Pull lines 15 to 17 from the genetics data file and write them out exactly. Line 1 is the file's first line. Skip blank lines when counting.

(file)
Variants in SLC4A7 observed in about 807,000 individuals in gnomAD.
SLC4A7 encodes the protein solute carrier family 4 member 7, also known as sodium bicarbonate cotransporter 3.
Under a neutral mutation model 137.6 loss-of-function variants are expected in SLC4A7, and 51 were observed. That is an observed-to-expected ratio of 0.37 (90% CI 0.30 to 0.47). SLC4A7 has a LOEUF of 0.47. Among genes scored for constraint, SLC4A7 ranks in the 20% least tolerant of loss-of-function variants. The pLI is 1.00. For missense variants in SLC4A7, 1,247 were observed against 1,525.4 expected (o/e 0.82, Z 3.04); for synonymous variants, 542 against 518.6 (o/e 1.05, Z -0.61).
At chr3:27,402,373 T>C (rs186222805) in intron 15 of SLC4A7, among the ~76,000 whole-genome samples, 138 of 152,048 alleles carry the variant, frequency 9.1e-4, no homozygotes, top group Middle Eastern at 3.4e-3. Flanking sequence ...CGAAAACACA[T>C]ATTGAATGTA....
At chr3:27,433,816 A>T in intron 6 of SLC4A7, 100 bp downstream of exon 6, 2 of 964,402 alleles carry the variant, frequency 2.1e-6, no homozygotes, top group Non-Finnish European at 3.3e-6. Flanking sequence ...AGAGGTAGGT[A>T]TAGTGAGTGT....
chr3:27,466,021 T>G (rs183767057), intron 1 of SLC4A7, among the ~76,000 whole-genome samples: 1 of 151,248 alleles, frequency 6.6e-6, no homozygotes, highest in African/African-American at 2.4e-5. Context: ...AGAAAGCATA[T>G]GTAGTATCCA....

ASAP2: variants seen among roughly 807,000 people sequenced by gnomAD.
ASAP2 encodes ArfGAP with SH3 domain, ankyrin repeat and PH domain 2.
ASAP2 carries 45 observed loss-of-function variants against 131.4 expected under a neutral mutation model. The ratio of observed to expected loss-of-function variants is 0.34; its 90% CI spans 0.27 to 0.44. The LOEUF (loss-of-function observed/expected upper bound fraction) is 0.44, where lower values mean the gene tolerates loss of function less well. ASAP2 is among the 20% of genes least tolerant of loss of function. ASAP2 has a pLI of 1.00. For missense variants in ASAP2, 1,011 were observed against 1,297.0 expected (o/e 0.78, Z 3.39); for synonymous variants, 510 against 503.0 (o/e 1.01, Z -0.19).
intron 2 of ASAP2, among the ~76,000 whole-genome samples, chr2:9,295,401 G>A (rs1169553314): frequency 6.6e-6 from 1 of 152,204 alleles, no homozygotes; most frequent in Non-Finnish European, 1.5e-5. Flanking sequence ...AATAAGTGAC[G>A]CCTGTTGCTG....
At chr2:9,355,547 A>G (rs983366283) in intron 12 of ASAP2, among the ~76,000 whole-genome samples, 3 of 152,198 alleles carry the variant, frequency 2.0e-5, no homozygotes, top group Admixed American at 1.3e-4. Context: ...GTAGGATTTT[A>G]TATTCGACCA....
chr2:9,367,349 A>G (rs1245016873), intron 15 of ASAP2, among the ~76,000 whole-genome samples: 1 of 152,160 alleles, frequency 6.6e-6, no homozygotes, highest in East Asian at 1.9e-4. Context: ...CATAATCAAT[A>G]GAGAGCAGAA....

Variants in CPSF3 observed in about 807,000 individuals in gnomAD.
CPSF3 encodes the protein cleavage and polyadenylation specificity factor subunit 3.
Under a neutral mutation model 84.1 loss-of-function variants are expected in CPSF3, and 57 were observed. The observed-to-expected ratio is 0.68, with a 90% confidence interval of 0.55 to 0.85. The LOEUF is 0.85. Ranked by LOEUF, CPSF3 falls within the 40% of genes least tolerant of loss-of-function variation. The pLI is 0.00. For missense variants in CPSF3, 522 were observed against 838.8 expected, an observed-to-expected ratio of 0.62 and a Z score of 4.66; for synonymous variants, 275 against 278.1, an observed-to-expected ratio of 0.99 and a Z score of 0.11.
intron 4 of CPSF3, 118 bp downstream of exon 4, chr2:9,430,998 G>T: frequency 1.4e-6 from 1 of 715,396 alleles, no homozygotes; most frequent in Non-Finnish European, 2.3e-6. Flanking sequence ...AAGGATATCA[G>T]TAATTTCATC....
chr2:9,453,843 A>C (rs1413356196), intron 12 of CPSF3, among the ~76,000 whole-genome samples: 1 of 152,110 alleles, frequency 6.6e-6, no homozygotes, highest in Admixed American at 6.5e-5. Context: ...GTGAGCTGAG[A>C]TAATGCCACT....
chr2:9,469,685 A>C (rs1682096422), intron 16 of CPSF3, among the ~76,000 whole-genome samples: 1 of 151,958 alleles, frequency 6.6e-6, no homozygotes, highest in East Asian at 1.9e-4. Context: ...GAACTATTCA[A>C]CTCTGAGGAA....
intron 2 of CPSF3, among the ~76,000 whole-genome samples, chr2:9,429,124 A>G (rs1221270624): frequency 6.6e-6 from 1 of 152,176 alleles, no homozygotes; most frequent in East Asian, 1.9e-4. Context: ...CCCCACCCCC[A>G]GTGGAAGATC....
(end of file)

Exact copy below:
Under a neutral mutation model 84.1 loss-of-function variants are expected in CPSF3, and 57 were observed. The observed-to-expected ratio is 0.68, with a 90% confidence interval of 0.55 to 0.85. The LOEUF is 0.85. Ranked by LOEUF, CPSF3 falls within the 40% of genes least tolerant of loss-of-function variation. The pLI is 0.00. For missense variants in CPSF3, 522 were observed against 838.8 expected, an observed-to-expected ratio of 0.62 and a Z score of 4.66; for synonymous variants, 275 against 278.1, an observed-to-expected ratio of 0.99 and a Z score of 0.11.
intron 4 of CPSF3, 118 bp downstream of exon 4, chr2:9,430,998 G>T: frequency 1.4e-6 from 1 of 715,396 alleles, no homozygotes; most frequent in Non-Finnish European, 2.3e-6. Flanking sequence ...AAGGATATCA[G>T]TAATTTCATC....
chr2:9,453,843 A>C (rs1413356196), intron 12 of CPSF3, among the ~76,000 whole-genome samples: 1 of 152,110 alleles, frequency 6.6e-6, no homozygotes, highest in Admixed American at 6.5e-5. Context: ...GTGAGCTGAG[A>C]TAATGCCACT....